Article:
#1 EXERCISE: DEBRIEF

REFLECTION: My nonsense rewriting of Lewis Carroll was tricky only because auto-correct kept fixing my words to make them sensible. I left all the ordinary words—articles and prepositions—while doing my best to watch Carroll’s verbs, nouns, and adjectives. The sensible version was much harder. I went to RhymeZone.com to hunt for my last word. The site offers many options for rhyming 1-, 2-, and multi-syllabic rhymes. I replaced a conjunction “and” with a preposition “with” and that felt like cheating. My use of “still” doesn’t quite work—the entire last line doesn’t work. And this is because I wrote it backwards—I found the words first instead of the meaning. What was I thinking? I hope you didn’t do that.

Reflection, metacognition, thinking about thinking. Thinking about writing. What works, what might work next time.

Perhaps I should call these “exercises” instead of “assignments” since I think many people have issues concerning assignments?

This is a creek that carries water from what used to be two creeks (Shark and Asbury) on my old map. There is a huge iron barricade to prevent (usually) drift logs from being carried upstream. That’s what you can see at the top of the image. In the foreground is the stump of an ancient tree, perhaps four feet across (not around, but across!) that Gary and I had never seen uncovered before. There are other “ghost trees” along the coast. Perhaps, as was suggested by visitors, these are remains from the tsunami resulting from the earthquake that occurred along the Cascadia subduction zone on January 26, 1700 with an estimated magnitude of 8.7–9.2. …Or not.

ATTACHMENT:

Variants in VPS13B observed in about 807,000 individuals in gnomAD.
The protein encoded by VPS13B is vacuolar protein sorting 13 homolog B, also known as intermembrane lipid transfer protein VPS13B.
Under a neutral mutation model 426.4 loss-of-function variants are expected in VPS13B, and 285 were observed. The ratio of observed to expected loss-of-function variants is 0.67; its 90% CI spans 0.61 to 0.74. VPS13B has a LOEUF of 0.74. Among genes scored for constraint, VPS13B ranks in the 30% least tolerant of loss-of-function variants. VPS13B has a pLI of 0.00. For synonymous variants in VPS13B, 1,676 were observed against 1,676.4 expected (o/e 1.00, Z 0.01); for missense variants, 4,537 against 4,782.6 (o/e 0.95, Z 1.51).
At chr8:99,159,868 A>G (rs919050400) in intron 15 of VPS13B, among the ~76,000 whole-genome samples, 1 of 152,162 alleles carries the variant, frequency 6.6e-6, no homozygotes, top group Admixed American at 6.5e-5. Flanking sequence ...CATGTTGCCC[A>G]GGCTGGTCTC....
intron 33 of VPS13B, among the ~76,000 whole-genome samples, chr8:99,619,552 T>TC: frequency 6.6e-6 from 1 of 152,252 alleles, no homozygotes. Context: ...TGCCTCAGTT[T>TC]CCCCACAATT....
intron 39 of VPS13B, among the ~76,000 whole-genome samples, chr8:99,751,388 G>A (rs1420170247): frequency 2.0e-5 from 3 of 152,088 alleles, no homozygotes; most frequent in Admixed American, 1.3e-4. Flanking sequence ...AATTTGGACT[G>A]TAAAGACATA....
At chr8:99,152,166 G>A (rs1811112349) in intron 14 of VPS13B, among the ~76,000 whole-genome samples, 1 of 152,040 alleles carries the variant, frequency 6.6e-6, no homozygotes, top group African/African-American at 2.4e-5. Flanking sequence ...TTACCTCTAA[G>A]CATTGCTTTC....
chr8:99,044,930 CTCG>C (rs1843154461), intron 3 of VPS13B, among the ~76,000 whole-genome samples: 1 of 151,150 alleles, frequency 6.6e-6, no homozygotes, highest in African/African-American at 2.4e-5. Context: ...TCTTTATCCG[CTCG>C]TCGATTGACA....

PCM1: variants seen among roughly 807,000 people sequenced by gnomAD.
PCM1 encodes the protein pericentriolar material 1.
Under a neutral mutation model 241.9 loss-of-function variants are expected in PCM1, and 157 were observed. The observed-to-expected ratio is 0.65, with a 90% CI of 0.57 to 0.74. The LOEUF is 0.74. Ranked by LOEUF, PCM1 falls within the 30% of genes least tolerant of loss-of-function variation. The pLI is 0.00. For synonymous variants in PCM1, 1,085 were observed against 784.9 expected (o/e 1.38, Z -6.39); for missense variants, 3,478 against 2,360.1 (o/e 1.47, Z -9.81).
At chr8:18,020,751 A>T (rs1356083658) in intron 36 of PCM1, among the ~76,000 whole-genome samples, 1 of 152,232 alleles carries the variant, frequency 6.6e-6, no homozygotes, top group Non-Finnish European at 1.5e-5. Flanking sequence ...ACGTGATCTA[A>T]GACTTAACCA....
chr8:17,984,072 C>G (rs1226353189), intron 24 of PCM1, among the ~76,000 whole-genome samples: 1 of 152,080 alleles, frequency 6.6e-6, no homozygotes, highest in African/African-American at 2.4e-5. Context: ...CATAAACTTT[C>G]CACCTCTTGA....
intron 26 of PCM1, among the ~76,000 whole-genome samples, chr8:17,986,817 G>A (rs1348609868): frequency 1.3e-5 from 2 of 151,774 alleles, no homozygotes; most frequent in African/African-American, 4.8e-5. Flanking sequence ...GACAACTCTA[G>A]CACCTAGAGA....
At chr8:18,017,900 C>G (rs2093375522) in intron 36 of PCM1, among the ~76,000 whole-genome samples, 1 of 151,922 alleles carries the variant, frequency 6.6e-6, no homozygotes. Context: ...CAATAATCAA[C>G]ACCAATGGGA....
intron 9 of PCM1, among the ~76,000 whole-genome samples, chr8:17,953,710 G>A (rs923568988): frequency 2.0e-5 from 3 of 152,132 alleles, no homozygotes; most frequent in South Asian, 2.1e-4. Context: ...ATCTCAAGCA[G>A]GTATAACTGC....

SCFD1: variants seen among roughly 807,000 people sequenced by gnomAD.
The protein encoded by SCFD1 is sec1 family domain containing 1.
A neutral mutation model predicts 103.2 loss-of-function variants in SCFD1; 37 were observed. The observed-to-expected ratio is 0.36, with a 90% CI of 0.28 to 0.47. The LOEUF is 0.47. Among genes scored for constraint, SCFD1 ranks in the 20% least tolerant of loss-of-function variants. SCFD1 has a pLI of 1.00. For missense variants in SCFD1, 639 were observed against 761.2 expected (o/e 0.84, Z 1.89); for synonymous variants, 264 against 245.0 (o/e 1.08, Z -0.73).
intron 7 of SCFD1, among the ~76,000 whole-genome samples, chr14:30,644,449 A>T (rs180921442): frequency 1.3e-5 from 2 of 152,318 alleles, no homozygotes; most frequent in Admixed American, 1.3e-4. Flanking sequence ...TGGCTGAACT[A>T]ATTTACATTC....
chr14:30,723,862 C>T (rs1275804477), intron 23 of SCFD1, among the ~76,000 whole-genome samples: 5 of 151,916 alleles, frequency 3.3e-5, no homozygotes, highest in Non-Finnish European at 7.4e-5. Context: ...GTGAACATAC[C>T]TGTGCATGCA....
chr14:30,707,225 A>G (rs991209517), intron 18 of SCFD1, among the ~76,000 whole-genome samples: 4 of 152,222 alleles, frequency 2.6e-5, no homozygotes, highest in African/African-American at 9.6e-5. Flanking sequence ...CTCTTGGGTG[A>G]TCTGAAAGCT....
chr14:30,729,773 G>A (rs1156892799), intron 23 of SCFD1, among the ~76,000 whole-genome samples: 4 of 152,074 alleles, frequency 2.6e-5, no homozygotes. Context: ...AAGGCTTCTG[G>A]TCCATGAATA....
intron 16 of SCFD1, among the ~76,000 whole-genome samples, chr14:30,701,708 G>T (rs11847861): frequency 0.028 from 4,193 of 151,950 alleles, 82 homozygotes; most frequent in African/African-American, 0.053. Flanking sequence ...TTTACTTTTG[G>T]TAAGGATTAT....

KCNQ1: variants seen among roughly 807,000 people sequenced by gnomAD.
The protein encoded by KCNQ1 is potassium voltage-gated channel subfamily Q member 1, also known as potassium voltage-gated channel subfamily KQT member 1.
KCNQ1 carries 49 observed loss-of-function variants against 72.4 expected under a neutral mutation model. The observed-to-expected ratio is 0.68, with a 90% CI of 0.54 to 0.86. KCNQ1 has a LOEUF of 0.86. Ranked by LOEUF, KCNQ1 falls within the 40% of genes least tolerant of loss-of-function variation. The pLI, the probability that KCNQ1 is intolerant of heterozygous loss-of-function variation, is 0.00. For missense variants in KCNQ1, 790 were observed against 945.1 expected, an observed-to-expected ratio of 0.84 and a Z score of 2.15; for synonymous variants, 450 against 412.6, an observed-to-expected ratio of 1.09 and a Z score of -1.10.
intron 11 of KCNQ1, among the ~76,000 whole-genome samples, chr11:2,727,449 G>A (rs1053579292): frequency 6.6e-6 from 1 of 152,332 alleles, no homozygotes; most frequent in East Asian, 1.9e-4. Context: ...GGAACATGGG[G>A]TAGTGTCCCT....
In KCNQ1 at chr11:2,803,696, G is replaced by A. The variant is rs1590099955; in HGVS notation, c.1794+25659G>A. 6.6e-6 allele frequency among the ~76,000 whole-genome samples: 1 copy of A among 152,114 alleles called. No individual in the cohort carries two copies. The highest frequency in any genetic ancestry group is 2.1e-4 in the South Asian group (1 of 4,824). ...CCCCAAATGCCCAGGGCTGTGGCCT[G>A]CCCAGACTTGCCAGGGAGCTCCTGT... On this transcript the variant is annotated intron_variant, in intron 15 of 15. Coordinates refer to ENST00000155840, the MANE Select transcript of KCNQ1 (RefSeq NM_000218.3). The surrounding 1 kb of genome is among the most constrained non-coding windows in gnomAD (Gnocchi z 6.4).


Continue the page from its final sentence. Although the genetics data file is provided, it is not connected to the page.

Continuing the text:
Carroll's nonsense
‘Twas brillig, and the slithy toves
Did gyre and gimble in the wabe;
All wimsy were the borogroves,
And the mome raths outgrabe.

my nonsense
‘Twas krinty, and the blenty roogs
Did swave and skinder in the tave;
All plimey were the antidoogs,
And the floot waths unquave.

my "sensible" version  
Then music, and the merry clan
Did sing and warble on the sand;
In silence walked the lovely man,
With those still lost offhand.

Mastering the rhythm of sentences is an ongoing task. I am reminded of using the opening passage of The Bluest Eye and how I used it as a frame to write my own passage years ago, how the iambic rhythm of that prose drew me forward through Morrison’s prose, and how that same rhythm might work for me in other writing.

"Nuns go by as quiet as lust, and drunken men and sober eyes sing in the lobby of the Greek hotel. Rosemary Villanucci, our next-door friend who lives above her father's cafe, sits in a 1939 Buick eating bread and butter."

The imagery is both vivd and startling, the contrasts shocking. Nuns and lust, drunken men and sober eyes—then the shift to a childhood friend and bread and butter. Morrison begins the novel (barely longer than a novella) three times, and each beginning is revelatory. The parody of Dick and Jane books. The brief advance plot synopsis that warns of all the tragedy to come, the desire to know why, and settling for how. Then the nuns, who have no role in the rest of the book, but set up an essential paradox that is to become key to the novel.

I used to teach a short story that abruptly shifted tone when the POV character accepted faith, that instant is marked by rhyme. It is a powerful device to use in prose—overwhelming and even risky, but the author used it effectively—she knew what she was doing. The same risk might work in creative nonfiction.

In nonfiction, we can look for the startling play of words, poetic rhythm, and image. I read a beautiful example this morning on the Brevity blog by Beth Kephart, “The Memoirist’s Dilemma.” Take a look.

I carried this Nicole Hollander comic in my checkbook for nearly thirty years. I even bought a copy from Hollander.

EXERCISE #2 will be posted on Friday. I promise it will make you work hard (harder than this one maybe), though not for too long. It is also a purely prose, nonfiction exercise. (Not an assignment. Not verse.)

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